Fall (2022) – Movie Review

Posted by Eddie Pasa on August 12, 2022 in / No Comments

 

All you acrophobics in the audience right now who can’t even stand talking about heights need to turn away now. I appreciate you clicking on the link, but I do not wish to cause any discomfort. This opening paragraph is all you’ll get as far as a grace period. So here we go in 5… 4… 3… 2… 1.

DC Movie Critics, DC Movie Reviews, DC Film Critics, Eddie Pasa, Movie Critics, Film Critics, Movie Review, Film Review, Fall, Lionsgate FilmsFall is full-on, crap-your-pants terrifying. Not because of the lean script, and not because of the drama it slowly mines out of two women with existing tensions between them that get exacerbated throughout. It is because of the lengths to which director/co-writer Scott Mann and cinematographer MacGregor go to show the ultimate in fear and isolation without needing to go to a summer camp and have a hockey-masked killer running around.

The story’s simple: a mourning widow is, for all intents and purposes, hijacked into going on a climbing trip with her adrenaline-junkie influencer friend. The target: a 2,000-foot antenna tower in the middle of nowhere. Along the way, some uncomfortable truths about themselves and the deceased are uncovered, and the ladder they’ve used to get to the top falls out from underneath them before they have a chance to descend.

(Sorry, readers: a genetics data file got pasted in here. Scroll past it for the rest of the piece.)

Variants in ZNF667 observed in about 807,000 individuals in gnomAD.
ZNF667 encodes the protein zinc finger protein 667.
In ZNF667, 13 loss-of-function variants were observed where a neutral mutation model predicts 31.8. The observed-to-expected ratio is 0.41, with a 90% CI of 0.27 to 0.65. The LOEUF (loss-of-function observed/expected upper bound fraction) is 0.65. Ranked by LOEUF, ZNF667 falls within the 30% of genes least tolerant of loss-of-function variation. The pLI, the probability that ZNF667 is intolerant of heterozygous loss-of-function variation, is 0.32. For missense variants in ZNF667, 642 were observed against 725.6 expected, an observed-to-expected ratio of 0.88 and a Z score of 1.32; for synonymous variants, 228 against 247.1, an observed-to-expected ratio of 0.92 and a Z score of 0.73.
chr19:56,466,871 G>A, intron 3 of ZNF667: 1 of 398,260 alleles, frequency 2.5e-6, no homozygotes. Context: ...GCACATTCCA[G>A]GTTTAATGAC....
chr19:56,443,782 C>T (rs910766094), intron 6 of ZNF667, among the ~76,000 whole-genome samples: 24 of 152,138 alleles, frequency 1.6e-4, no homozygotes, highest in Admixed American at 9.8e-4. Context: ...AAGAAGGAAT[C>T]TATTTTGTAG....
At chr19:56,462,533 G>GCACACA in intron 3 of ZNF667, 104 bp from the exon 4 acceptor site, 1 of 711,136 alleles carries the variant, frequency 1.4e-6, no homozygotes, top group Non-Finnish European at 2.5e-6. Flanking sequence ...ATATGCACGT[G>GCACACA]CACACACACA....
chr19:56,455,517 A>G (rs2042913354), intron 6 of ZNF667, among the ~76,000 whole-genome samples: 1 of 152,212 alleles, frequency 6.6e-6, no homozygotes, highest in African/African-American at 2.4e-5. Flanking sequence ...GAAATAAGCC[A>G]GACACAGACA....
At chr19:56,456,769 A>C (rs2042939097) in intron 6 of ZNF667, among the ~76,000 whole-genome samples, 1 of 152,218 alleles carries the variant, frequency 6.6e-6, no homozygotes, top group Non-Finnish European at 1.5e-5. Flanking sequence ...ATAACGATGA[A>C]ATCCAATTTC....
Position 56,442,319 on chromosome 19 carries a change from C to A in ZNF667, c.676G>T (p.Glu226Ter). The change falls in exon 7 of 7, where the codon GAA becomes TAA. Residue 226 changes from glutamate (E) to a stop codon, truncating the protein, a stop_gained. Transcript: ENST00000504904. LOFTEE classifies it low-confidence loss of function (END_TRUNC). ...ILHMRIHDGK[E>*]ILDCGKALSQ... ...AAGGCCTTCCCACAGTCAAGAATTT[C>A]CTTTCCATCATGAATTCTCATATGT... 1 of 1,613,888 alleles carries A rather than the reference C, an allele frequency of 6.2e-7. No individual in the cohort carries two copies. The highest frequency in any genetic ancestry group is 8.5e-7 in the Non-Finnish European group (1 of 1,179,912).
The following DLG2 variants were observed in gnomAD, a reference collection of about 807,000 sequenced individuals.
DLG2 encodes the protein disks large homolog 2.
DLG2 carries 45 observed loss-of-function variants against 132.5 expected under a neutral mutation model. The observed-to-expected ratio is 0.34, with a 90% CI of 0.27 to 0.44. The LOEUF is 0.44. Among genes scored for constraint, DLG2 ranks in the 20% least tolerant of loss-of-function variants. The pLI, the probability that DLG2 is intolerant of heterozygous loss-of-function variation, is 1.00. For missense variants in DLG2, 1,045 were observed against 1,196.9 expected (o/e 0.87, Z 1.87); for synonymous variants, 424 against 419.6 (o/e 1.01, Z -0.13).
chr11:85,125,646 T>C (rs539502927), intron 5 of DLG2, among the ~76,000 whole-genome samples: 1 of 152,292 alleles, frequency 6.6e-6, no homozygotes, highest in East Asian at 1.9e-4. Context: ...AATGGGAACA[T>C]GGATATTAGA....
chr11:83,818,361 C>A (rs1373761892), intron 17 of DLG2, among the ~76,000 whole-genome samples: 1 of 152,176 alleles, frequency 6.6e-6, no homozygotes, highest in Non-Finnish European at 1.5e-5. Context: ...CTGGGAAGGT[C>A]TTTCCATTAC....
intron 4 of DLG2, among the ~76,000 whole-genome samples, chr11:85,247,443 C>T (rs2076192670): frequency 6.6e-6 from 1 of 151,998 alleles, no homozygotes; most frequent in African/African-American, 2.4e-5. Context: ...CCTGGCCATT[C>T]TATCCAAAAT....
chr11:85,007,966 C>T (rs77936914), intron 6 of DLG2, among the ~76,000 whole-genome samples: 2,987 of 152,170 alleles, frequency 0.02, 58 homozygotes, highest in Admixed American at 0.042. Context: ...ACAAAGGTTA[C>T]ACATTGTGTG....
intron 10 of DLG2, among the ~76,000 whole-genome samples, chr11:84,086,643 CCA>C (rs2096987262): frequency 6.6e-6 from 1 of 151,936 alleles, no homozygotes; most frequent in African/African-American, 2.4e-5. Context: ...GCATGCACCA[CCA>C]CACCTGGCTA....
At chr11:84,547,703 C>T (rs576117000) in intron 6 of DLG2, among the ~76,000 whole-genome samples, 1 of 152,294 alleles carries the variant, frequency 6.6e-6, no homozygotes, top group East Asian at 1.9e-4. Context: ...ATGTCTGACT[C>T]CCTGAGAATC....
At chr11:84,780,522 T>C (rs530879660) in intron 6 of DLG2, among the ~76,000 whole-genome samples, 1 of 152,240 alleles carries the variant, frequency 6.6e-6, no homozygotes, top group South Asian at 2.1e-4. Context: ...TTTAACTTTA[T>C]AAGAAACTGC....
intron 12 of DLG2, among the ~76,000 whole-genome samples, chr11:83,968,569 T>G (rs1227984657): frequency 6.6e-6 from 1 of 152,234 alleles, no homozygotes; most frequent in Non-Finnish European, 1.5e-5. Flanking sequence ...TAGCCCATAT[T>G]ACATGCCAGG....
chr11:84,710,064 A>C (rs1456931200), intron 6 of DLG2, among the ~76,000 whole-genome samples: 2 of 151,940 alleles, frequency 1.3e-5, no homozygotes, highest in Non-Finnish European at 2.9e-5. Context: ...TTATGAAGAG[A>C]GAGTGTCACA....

DC Movie Critics, DC Movie Reviews, DC Film Critics, Eddie Pasa, Movie Critics, Film Critics, Movie Review, Film Review, Fall, Lionsgate Films“Descend.” A funny word to use, considering how similar this film is to Neil Marshall’s The Descent, another absolutely horrifying film featuring the similar plotlines of a loss early in the film and the resulting grief being overcome by facing one’s fear. (Or so they’re made to believe.) However, unlike The Descent, there are no other people to share the tension and emotional load; it’s just Becky (Grace Caroline Currey) and Hunter (Virginia Gardner) having to devise a way to either communicate their predicament or get to safety. With only a 50-foot hank of rope, cell phones that have no signal, a drone unit (for Hunter’s social posting), and an ever-diminishing supply of water, the options grow slimmer by the minute.

However, what’s growing is the danger. Exposure at 2,000 feet over a desert, lack of food, the propensity to doze off and lose hold, shady passersby, various injuries sustained in the ladder collapse, and the circling vultures smelling blood… with each passing second, their chances for survival drop and their chance to control the situation is slipping out of their grasp. They’re utterly helpless and at the mercy of an unforgiving environment, dwarfed by an expanse that doesn’t care about them.

DC Movie Critics, DC Movie Reviews, DC Film Critics, Eddie Pasa, Movie Critics, Film Critics, Movie Review, Film Review, Fall, Lionsgate FilmsThe majority of the film takes place on what looks like a six-foot octagonal platform 100 feet below the antenna’s top, where a red flashing light sits to warn aircraft of its existence. Even before they arrive at this perch, Mann and MacGregor take every opportunity to use a mix of practical camerawork, CGI, drone photography, and the actors’ performances to force our muscles into involuntary arrest. Creaking support structures; loosening bolts; Hunter jokingly shaking the ladder, playing around, and freely dangling from dangerous spots while the traumatized Becky follows out of a sense of duty to her friend; a ladder rung that unexpectedly falls free… our jaws, fists, toes, and various orifices are locked up well before the ladder crumbles into oblivion, thanks to MacGregor’s immersive photography and Rob Hall’s tight, foreboding editing during their ascent.